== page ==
Office of Open Government First-Ever Open Meetings Act Enforcement Lawsuit Heard in Court

In this suit testing the enforcement powers in the D.C. Open Meetings Act, Superior Court Judge John Campbell heard argument last Friday (28) on pending motions from both sides for summary judgment (decision without a trial). The hearing was the first time the parties squared off in court. 

The Office of Open Government (OOG) is part of the District government but, to avoid conflict of interest were the D.C. Attorney General to represent both the Office and the commission being sued, the Office is represented by pro bono counsel from the D.C. law firm of Levine Sullivan Koch & Schulz, LLP.

The court made no rulings. 

The OOG brought suit against the D.C. mayor's Caribbean Community Affairs Commission, alleging it held meetings without posting public notices or publishing minutes afterwards.  Filed in October 2016, the case is the first court action by the Office, an independent agency created by the D.C. Council in the 2011 Act to be the enforcement watchdog. 

Prior complaints about other public bodies, including several filed by the D.C. Open Government Coalition, led to investigations and opinions by the Office requiring compliance. The Office took similar steps in this case including warnings and offers of training and assistance that were unsuccessful.  (See earlier blog posts about this case here and here.)

The court appeared to be hesitating to impose a fine for each violation (that could total almost $3,000 if all 11 alleged violations are proved). The District of Columbia argued against any fine on grounds the commission is now complying, questioned the feasibility of some of the law's requirements and warned that over-zealous enforcement can "chill" citizens' enthusiasm for service on volunteer civic bodies like this one.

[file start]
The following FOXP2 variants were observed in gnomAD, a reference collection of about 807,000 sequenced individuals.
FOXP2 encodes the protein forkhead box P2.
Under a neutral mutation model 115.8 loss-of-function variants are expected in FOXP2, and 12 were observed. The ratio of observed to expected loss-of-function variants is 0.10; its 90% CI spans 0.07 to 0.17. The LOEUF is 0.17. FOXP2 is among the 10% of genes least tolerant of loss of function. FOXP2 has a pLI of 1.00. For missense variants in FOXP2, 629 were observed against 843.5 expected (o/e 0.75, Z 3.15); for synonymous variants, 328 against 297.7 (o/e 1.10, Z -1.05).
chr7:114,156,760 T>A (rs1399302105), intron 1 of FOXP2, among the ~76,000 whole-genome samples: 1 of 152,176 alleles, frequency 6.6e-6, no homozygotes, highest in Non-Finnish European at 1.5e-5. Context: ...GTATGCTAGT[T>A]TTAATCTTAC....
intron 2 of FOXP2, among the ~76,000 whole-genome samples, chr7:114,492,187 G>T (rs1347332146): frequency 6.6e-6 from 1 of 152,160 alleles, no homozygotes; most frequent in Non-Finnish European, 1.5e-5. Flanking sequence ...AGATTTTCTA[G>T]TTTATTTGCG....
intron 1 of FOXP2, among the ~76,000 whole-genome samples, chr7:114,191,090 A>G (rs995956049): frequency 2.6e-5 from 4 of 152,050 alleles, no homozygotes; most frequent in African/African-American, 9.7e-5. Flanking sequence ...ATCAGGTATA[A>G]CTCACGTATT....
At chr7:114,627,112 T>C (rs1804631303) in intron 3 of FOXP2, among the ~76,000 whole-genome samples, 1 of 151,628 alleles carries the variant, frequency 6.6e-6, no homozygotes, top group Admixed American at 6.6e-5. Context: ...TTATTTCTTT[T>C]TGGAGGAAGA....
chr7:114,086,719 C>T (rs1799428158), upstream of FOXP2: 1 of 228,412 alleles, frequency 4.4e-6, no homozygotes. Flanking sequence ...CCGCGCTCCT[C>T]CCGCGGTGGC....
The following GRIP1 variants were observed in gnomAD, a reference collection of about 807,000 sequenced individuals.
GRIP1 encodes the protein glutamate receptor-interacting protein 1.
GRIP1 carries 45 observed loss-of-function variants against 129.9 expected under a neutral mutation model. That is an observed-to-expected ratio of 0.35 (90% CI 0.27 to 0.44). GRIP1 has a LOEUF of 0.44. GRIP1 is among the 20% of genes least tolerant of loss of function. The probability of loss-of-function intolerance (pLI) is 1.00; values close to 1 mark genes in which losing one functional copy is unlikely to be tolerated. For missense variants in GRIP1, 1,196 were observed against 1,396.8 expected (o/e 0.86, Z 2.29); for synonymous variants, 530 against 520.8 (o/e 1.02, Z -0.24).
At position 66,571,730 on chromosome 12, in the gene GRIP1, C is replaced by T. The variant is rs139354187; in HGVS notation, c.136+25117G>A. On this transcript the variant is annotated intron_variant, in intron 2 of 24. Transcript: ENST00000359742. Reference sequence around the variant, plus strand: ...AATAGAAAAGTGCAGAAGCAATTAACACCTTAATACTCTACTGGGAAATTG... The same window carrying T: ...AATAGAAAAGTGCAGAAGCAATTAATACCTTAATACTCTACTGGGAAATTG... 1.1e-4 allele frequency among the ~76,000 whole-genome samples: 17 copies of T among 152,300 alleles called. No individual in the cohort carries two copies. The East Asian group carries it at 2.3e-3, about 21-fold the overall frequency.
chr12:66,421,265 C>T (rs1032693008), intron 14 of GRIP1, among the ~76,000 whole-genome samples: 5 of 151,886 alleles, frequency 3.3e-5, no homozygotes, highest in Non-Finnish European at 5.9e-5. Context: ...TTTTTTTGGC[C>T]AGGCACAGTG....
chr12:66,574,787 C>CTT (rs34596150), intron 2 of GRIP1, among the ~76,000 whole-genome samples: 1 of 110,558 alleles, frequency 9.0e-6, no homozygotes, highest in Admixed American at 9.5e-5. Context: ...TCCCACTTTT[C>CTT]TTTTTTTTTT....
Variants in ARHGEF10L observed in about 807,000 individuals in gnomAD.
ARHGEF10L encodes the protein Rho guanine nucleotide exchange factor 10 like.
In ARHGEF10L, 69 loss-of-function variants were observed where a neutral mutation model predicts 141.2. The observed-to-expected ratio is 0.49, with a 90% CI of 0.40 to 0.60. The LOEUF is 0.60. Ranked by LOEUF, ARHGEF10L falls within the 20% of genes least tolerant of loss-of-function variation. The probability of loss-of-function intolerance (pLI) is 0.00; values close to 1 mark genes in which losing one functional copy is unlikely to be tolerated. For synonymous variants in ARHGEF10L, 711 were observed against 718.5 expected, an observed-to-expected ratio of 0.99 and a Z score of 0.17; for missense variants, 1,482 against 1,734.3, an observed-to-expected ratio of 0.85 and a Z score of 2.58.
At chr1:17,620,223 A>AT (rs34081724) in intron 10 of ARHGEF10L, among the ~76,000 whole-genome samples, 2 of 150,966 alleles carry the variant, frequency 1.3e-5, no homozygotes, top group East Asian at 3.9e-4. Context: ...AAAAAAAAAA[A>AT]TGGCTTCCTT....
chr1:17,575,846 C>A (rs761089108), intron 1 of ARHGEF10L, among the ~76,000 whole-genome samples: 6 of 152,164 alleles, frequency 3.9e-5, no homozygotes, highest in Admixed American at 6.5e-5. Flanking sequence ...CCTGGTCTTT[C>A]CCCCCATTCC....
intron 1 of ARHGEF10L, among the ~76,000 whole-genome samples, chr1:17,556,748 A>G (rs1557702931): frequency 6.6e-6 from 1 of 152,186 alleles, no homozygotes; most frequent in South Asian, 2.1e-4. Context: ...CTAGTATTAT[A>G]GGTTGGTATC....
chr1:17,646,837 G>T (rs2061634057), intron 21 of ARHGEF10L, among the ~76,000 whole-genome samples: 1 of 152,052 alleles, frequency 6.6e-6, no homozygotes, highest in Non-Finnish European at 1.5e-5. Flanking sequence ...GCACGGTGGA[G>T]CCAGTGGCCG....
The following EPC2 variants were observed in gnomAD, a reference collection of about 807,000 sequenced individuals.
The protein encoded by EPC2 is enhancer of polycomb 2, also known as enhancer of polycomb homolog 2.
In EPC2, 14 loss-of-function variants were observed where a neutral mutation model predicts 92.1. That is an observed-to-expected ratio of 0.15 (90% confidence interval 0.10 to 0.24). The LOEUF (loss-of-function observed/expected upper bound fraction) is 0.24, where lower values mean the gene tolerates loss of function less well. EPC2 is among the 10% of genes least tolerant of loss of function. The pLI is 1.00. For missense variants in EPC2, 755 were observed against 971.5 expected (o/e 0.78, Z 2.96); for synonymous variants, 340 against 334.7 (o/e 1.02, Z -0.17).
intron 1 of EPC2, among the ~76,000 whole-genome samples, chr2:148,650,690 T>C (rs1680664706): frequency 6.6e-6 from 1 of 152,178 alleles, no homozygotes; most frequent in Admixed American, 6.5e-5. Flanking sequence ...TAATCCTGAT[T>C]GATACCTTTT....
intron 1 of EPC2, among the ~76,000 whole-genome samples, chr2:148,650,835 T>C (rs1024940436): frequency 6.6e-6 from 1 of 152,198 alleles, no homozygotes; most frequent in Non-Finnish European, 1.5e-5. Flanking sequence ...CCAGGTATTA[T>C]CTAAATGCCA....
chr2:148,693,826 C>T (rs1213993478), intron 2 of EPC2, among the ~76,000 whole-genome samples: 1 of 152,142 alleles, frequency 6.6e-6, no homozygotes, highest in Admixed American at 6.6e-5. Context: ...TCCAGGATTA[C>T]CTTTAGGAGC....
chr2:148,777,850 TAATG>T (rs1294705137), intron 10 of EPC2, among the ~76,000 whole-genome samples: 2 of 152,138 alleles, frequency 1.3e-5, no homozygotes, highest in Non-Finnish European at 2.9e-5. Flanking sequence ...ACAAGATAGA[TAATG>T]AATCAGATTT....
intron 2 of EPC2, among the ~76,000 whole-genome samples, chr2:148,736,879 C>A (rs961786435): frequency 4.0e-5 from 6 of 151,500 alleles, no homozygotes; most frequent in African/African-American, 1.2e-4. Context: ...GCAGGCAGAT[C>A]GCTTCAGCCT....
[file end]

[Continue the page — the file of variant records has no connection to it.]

The Open Meetings Act allows a fine of $250 per violation where a commission member shows "a pattern or practice of willfully participating in one or more closed meetings," so there also remains room for argument whether the earlier violations in the case, now apparently corrected, are what the law meant to punish, as the District has argued the commission failures should be excused as the result of staffing and other resource shortages and shouldn't be considered "willful." The Office noted repeatedly in previous interactions with the commission, and in court, that many other similar bodies have no difficulty following the law's requirements.

The court seemed unsympathetic to the District's hyper-technical argument that a meeting that lacked notice wasn't actually "closed," as anyone who learned of it could have walked in.

The court could still impose a fine under authority in another section of the Open Meetings Act.  Where an enforcement lawsuit is brought, the court may impose "such additional relief" as necessary to "serve the purposes" of the law. 

The court will reconvene Friday, May 26, at 10:30 in Courtroom 519 unless a decision before then makes that unnecessary.

The case is Office of Open Government v. Michael Yates, No. 2016 CA 7337 (D.C. Superior Court).